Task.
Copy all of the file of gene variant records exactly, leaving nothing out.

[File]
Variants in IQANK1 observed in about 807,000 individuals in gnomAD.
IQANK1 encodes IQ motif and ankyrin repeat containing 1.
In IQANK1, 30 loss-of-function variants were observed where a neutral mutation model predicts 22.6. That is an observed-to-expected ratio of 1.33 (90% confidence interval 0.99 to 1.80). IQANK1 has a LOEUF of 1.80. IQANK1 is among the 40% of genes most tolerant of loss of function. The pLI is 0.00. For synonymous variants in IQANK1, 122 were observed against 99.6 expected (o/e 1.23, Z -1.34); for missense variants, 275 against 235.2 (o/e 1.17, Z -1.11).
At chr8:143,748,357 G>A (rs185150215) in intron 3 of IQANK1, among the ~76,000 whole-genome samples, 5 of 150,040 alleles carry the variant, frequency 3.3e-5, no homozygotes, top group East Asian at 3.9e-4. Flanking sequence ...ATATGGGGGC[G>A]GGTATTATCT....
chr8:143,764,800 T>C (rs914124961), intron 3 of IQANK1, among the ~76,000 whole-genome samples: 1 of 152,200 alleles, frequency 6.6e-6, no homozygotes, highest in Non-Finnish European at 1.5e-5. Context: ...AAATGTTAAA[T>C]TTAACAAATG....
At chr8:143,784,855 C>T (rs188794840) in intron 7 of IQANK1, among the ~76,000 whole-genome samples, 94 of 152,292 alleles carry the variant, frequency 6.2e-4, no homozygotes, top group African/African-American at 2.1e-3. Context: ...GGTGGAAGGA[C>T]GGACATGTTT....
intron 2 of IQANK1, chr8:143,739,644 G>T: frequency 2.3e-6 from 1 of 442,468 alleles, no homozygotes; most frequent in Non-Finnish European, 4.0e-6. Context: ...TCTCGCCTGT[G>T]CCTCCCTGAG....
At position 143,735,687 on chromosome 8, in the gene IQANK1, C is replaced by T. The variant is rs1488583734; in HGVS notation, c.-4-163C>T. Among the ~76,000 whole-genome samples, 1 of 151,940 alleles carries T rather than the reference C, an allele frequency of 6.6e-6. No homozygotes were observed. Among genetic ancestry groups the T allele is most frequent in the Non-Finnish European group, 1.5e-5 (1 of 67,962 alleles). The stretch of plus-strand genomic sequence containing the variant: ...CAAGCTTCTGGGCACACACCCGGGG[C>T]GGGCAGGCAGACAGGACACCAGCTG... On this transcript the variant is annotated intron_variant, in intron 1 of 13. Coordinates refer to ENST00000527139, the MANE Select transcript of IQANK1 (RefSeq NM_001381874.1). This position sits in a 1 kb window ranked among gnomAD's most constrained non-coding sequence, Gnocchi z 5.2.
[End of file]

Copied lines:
Variants in IQANK1 observed in about 807,000 individuals in gnomAD.
IQANK1 encodes IQ motif and ankyrin repeat containing 1.
In IQANK1, 30 loss-of-function variants were observed where a neutral mutation model predicts 22.6. That is an observed-to-expected ratio of 1.33 (90% confidence interval 0.99 to 1.80). IQANK1 has a LOEUF of 1.80. IQANK1 is among the 40% of genes most tolerant of loss of function. The pLI is 0.00. For synonymous variants in IQANK1, 122 were observed against 99.6 expected (o/e 1.23, Z -1.34); for missense variants, 275 against 235.2 (o/e 1.17, Z -1.11).
At chr8:143,748,357 G>A (rs185150215) in intron 3 of IQANK1, among the ~76,000 whole-genome samples, 5 of 150,040 alleles carry the variant, frequency 3.3e-5, no homozygotes, top group East Asian at 3.9e-4. Flanking sequence ...ATATGGGGGC[G>A]GGTATTATCT....
chr8:143,764,800 T>C (rs914124961), intron 3 of IQANK1, among the ~76,000 whole-genome samples: 1 of 152,200 alleles, frequency 6.6e-6, no homozygotes, highest in Non-Finnish European at 1.5e-5. Context: ...AAATGTTAAA[T>C]TTAACAAATG....
At chr8:143,784,855 C>T (rs188794840) in intron 7 of IQANK1, among the ~76,000 whole-genome samples, 94 of 152,292 alleles carry the variant, frequency 6.2e-4, no homozygotes, top group African/African-American at 2.1e-3. Context: ...GGTGGAAGGA[C>T]GGACATGTTT....
intron 2 of IQANK1, chr8:143,739,644 G>T: frequency 2.3e-6 from 1 of 442,468 alleles, no homozygotes; most frequent in Non-Finnish European, 4.0e-6. Context: ...TCTCGCCTGT[G>T]CCTCCCTGAG....
At position 143,735,687 on chromosome 8, in the gene IQANK1, C is replaced by T. The variant is rs1488583734; in HGVS notation, c.-4-163C>T. Among the ~76,000 whole-genome samples, 1 of 151,940 alleles carries T rather than the reference C, an allele frequency of 6.6e-6. No homozygotes were observed. Among genetic ancestry groups the T allele is most frequent in the Non-Finnish European group, 1.5e-5 (1 of 67,962 alleles). The stretch of plus-strand genomic sequence containing the variant: ...CAAGCTTCTGGGCACACACCCGGGG[C>T]GGGCAGGCAGACAGGACACCAGCTG... On this transcript the variant is annotated intron_variant, in intron 1 of 13. Coordinates refer to ENST00000527139, the MANE Select transcript of IQANK1 (RefSeq NM_001381874.1). This position sits in a 1 kb window ranked among gnomAD's most constrained non-coding sequence, Gnocchi z 5.2.